Id. at 664 (emphasis added). Accord H. Clark, The Law of Domestic Relations § 13.2 at 384 (1968). See also Annot., 158 A.L.R. 1205, 1209-1210 (1945); Annot., 19 A.L.R.3d 648, § 7 (1968).
The majority states that the judgment here was not final because the first of those two acts was not completed "the judge's oral announcement was not reduced to a signed written decree" prior to Mark Preece's death. It is true that in some divorce cases in which a nunc pro tunc order was granted after the intervening death of a spouse, a written decree had been signed by the judge and only the entry of the decree in the judgment book remained. E.g., Berkenfield v. Jacobs, Fla., 83 So. 2d 265 (1955). In other cases, however, a nunc pro tunc order was held to be valid even though no written decree had been signed. For example, in Caprita v. Caprita, 145 Ohio St. 5, 60 N.E.2d 483 (1945), at the conclusion of a divorce proceeding, the trial judge announced a decree that entitled the wife to a divorce and a division of the marital estate, but continued the proceedings so that the property might be appraised and properly divided. The husband died before the property division was completed or the decree signed. The Supreme Court of Ohio upheld a decision by the trial court to order the divorce nunc pro tunc, relying on the fact that the trial court had orally announced its decision before the husband died. See also Becker v. King, Fla.App., 307 So. 2d 855 (1975).
The instant case is almost four-square with Caprita, and I think the same rule should apply. Where, as here, the parties have fully adjudicated the factual issues, the trial judge has announced the final decision, and the parties have waived the interlocutory period, I see no valid reason whatsoever why a nunc pro tunc decree should not be entered.
The appellant contends that there were still contested issues. Those issues were: (1) the award of attorney's fees and (2) the property division award of $14,605 to Mark *302 Preece. These issues did not bear in any way on the critical fact the granting of the divorce and could have been resolved on appeal if the issues could be appropriately raised. The decree itself was final as to that point. The attorney's fee issue was a collateral matter not crucial to the disposition of the merits of the case. See Pettit v. Pettit, 60 Ill. App.3d 375, 17 Ill.Dec. 636, 376 N.E.2d 782 (1978). In divorce proceedings, a claim for attorney's fees is "incidental" to the divorce action. Smith v. Smith, Ala. Civ. App., 365 So. 2d 88 (1978); O'Connor v. O'Connor, 48 Wis.2d 535, 180 N.W.2d 735 (1970); Sovereign v. Sovereign, 361 Mich. 528, 106 N.W.2d 146 (1960).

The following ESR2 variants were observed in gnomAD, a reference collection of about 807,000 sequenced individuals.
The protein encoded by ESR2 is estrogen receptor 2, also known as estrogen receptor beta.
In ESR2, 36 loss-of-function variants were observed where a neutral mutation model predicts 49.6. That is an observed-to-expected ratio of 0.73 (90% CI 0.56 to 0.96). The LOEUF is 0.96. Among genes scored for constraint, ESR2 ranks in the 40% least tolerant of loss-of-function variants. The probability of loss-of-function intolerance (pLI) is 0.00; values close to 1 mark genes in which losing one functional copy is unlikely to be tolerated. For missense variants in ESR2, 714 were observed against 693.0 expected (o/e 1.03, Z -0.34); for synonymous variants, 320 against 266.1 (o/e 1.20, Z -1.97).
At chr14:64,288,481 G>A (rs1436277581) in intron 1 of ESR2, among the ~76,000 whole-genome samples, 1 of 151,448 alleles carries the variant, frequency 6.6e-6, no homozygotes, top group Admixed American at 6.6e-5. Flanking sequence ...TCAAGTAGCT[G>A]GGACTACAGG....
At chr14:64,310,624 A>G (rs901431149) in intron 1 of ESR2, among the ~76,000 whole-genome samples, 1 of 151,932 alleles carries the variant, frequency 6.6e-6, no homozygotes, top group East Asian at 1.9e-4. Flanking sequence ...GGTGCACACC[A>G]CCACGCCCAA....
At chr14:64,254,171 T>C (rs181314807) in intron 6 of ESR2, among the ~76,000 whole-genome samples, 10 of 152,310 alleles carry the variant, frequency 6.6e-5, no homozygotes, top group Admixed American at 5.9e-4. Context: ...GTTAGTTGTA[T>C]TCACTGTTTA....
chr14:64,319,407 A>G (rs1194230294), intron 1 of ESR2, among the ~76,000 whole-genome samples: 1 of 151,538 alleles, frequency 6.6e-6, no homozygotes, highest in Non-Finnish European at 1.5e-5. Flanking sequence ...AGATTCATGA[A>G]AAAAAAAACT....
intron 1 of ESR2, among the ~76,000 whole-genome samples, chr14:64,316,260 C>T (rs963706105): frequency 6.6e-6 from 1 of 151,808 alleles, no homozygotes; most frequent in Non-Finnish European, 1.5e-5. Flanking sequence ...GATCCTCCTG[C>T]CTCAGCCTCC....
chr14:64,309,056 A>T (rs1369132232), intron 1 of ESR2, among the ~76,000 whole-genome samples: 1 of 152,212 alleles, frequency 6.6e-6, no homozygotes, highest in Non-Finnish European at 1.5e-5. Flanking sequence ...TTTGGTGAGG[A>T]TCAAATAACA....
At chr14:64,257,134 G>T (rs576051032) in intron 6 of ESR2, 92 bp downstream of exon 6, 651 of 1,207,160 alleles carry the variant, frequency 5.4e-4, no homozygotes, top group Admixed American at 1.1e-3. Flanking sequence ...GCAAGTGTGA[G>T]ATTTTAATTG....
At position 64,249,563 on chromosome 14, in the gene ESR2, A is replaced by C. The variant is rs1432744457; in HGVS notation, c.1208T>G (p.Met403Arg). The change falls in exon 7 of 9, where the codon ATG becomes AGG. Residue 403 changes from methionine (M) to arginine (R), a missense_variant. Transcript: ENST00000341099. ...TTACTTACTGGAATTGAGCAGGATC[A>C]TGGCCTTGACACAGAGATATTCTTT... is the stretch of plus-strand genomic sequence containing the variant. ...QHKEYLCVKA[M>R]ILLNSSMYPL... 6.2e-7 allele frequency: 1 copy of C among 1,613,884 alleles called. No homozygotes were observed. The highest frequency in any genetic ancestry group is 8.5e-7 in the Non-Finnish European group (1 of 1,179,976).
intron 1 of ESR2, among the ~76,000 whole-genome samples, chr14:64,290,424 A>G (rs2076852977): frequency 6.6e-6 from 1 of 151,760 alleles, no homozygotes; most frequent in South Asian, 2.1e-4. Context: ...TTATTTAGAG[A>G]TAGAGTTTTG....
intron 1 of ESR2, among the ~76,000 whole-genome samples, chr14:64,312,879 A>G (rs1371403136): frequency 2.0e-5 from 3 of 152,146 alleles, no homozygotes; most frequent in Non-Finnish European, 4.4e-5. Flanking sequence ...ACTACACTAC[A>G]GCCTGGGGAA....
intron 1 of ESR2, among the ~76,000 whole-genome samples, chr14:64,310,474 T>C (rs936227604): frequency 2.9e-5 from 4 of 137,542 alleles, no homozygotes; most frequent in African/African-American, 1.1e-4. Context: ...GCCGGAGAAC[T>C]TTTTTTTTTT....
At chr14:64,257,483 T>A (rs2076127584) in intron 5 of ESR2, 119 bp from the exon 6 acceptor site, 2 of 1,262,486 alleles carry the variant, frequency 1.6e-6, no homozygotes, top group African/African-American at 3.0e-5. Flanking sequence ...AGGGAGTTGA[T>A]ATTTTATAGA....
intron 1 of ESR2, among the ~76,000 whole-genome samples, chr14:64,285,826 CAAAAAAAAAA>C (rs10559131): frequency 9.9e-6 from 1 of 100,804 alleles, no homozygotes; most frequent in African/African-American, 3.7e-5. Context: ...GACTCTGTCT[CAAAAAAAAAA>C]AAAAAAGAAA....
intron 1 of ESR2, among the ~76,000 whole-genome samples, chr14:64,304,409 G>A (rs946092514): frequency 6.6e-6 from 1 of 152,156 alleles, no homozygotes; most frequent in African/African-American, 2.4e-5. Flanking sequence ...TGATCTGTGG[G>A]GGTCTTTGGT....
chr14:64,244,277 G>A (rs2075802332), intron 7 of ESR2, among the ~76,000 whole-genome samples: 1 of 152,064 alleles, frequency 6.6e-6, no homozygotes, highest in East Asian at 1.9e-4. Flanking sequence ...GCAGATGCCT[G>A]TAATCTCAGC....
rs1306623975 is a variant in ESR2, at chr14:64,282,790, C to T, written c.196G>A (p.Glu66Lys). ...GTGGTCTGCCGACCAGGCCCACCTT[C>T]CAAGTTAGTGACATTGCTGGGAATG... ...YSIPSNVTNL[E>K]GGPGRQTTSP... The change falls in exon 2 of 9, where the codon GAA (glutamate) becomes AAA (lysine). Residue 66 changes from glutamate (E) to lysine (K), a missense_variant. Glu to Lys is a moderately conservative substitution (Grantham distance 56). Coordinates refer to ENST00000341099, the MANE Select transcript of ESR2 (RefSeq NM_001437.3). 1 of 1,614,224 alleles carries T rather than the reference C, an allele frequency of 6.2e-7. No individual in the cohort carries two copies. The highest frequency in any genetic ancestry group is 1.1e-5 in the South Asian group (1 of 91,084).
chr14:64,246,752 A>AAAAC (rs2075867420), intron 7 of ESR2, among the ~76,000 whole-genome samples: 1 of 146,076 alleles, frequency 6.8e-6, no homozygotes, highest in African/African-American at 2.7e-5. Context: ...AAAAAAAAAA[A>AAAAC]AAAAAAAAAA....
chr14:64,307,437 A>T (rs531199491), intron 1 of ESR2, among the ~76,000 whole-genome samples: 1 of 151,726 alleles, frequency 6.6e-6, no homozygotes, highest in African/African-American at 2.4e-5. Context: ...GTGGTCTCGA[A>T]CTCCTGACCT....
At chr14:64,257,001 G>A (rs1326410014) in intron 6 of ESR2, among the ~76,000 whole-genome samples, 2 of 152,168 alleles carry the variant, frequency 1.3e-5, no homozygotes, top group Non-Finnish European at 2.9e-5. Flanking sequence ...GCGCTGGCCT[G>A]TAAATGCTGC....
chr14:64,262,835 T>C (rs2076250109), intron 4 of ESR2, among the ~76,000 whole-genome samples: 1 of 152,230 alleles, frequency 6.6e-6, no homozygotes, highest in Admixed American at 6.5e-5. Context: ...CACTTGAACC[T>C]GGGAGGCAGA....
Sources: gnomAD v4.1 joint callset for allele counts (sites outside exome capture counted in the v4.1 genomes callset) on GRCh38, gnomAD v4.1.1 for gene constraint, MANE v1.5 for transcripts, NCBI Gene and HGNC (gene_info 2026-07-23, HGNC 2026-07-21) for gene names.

The issue the appellant now raises as to the division of property is not a valid reason for reversing the trial court's nunc pro tunc order. Caprita v. Caprita, supra. That issue was not asserted by the plaintiff as a reason for not formalizing the trial judge's order. She only relied on it as an issue to be raised on appeal. The appeal could have gone forward with the decedent's estate substituted as a party.
The trial court wrote in its memorandum decision:This is an equity proceeding and if there ever [were] a case where equity and justice demand that the property rights remain undisturbed as found by the Court at the hearing, this is the case where it should... .
The facts of this case fully bear out this ruling. Mrs. Preece initiated the divorce action. She and Mr. Preece had been separated for a year. The couple was childless, and she sought a waiver of the usual three-month waiting period so that her divorce from Mark Preece would be accelerated. The trial court's oral "decree" of divorce was in her favor and accorded her the terms she had sought. The plaintiff accepted the court's decree, except for the award of attorney's fees, and the award of $14,605 to Mark Preece, which she claims she intended to appeal. There was no issue as to the remainder of the trial court's disposition.
Now, due to the unexpected death of Mark Preece, the plaintiff becomes an heir to one-half of his estate, primarily a family farm, which is valued at over $143,000. As his heir, she will receive much more than she would have by way of the divorce decree, even if she had prevailed on the disputed $14,605 property settlement issue. Given these facts, I think that the trial court's ruling was clearly correct. I agree that if ever equity required a nunc pro tunc order, it does here.
The Legislature has recently enacted a statute that commits broad discretion to trial courts in granting nunc pro tunc orders in domestic relations matters. U.C.A., 1953, § 30-4a-1 (1983 Pocket Supp.) reads:A court having jurisdiction may, upon its finding of good cause and giving of such notice as may be ordered, enter an order Nunc Pro Tunc in a matter relating to marriage, divorce, legal separation or annulment of marriage. [Emphasis added.]
All that need be shown is "good cause." Surely that standard is met here. I realize that retroactive application of statutes is not favored. But where, as here, the statute is remedial in nature, and does not modify vested rights, it should be so applied. Pilcher v. State, Utah, 663 P.2d 450 (1983); State v. Higgs, Utah, 656 P.2d 998, 1000 (1982); Petty v. Clark, 113 Utah 205, 192 P.2d 589 (1948).